Today is the Indian festival of Guru Purnima, a celebration of gratitude to teachers, both academic and spiritual. In sanskrit, gu means darkness or ignorance and ru means the remover of that darkness. Purnima means full moon and this day is observed on the full moon of the Hindu month of Asadh. It is celebrated throughout the dharmic world.
On this day people pay respect to their teachers, living and dead. It is also the birthday of Vyassa, a great Hindu sage, who gathered the vedic texts and created the Mahabarata. It is said that on this day, Buddha gave his first sermon at Sarnath after becoming enlightened. Hindu legend says that Shiva became a guru on this date.
So in keeping with the spirit of this very auspicious moment, I remember and honor the following teachers in my life:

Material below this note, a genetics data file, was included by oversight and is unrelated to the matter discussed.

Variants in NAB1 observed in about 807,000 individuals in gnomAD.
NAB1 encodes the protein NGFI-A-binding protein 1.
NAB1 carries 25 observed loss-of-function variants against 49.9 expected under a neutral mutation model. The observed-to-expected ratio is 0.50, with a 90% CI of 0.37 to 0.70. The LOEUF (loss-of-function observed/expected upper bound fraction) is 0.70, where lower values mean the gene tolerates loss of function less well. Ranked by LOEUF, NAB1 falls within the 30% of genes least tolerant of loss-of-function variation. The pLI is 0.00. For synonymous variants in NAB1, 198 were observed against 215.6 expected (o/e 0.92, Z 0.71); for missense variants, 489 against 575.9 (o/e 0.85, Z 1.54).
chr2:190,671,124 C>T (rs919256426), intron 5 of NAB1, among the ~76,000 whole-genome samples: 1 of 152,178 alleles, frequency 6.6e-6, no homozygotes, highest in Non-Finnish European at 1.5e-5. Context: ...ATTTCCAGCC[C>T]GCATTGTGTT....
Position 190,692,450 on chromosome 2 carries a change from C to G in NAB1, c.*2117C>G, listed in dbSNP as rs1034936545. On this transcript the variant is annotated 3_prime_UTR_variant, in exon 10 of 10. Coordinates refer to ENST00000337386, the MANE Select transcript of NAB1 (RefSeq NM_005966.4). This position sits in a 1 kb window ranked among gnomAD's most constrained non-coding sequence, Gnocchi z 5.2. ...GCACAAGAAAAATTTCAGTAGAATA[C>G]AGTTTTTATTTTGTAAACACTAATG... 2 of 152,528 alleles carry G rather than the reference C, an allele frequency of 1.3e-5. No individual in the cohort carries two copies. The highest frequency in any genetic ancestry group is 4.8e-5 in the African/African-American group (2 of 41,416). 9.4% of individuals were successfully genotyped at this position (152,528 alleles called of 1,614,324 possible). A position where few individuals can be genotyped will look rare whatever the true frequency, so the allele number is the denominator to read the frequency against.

- My father who taught me the joy of humor and the liberating experience of art making, as well as showering me with unconditional love.
- My mother who has demonstrated that there is always the possibility for redemption.
- Mrs. Hankins, my high school English teacher, who showed me that literature was not about academics and grades, but rather about life and relationship and communication. (She also introduced me to artichokes, for which I am eternally grateful.)
- Mr. Foster, my middle school English teacher, who encouraged me to take risks and think creatively, and inspired and fortified my still raw and unrecognized (by me) gifts.
For all who mentor and nurture and teach, for all who do this with a generosity of spirit and an open heart, on this Guru Purnima, I give sincere and bountiful gratitude.